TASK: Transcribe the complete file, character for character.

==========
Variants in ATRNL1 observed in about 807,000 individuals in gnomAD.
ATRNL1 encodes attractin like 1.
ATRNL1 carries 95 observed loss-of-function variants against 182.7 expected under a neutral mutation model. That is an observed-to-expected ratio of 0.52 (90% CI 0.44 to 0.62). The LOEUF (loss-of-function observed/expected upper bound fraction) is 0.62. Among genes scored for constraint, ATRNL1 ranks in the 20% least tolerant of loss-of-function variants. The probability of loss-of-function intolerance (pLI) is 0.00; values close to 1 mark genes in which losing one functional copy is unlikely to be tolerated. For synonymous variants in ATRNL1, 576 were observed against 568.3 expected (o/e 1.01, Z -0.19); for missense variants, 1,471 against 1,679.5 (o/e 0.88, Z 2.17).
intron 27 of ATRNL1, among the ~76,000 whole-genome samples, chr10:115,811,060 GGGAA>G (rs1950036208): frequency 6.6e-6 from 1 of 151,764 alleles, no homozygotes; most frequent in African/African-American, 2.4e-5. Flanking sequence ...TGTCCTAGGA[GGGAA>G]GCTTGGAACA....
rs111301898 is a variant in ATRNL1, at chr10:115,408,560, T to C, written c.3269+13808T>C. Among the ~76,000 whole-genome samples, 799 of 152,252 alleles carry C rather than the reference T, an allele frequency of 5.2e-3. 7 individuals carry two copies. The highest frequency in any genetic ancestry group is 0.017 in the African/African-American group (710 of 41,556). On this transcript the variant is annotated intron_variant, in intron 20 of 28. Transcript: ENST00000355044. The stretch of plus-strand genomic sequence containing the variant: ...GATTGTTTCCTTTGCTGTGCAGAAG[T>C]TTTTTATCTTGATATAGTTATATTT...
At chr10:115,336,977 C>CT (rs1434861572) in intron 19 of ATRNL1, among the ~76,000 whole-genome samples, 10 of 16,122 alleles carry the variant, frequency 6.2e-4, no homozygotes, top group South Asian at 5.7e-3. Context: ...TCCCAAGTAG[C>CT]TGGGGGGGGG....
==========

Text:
Variants in ATRNL1 observed in about 807,000 individuals in gnomAD.
ATRNL1 encodes attractin like 1.
ATRNL1 carries 95 observed loss-of-function variants against 182.7 expected under a neutral mutation model. That is an observed-to-expected ratio of 0.52 (90% CI 0.44 to 0.62). The LOEUF (loss-of-function observed/expected upper bound fraction) is 0.62. Among genes scored for constraint, ATRNL1 ranks in the 20% least tolerant of loss-of-function variants. The probability of loss-of-function intolerance (pLI) is 0.00; values close to 1 mark genes in which losing one functional copy is unlikely to be tolerated. For synonymous variants in ATRNL1, 576 were observed against 568.3 expected (o/e 1.01, Z -0.19); for missense variants, 1,471 against 1,679.5 (o/e 0.88, Z 2.17).
intron 27 of ATRNL1, among the ~76,000 whole-genome samples, chr10:115,811,060 GGGAA>G (rs1950036208): frequency 6.6e-6 from 1 of 151,764 alleles, no homozygotes; most frequent in African/African-American, 2.4e-5. Flanking sequence ...TGTCCTAGGA[GGGAA>G]GCTTGGAACA....
rs111301898 is a variant in ATRNL1, at chr10:115,408,560, T to C, written c.3269+13808T>C. Among the ~76,000 whole-genome samples, 799 of 152,252 alleles carry C rather than the reference T, an allele frequency of 5.2e-3. 7 individuals carry two copies. The highest frequency in any genetic ancestry group is 0.017 in the African/African-American group (710 of 41,556). On this transcript the variant is annotated intron_variant, in intron 20 of 28. Transcript: ENST00000355044. The stretch of plus-strand genomic sequence containing the variant: ...GATTGTTTCCTTTGCTGTGCAGAAG[T>C]TTTTTATCTTGATATAGTTATATTT...
At chr10:115,336,977 C>CT (rs1434861572) in intron 19 of ATRNL1, among the ~76,000 whole-genome samples, 10 of 16,122 alleles carry the variant, frequency 6.2e-4, no homozygotes, top group South Asian at 5.7e-3. Context: ...TCCCAAGTAG[C>CT]TGGGGGGGGG....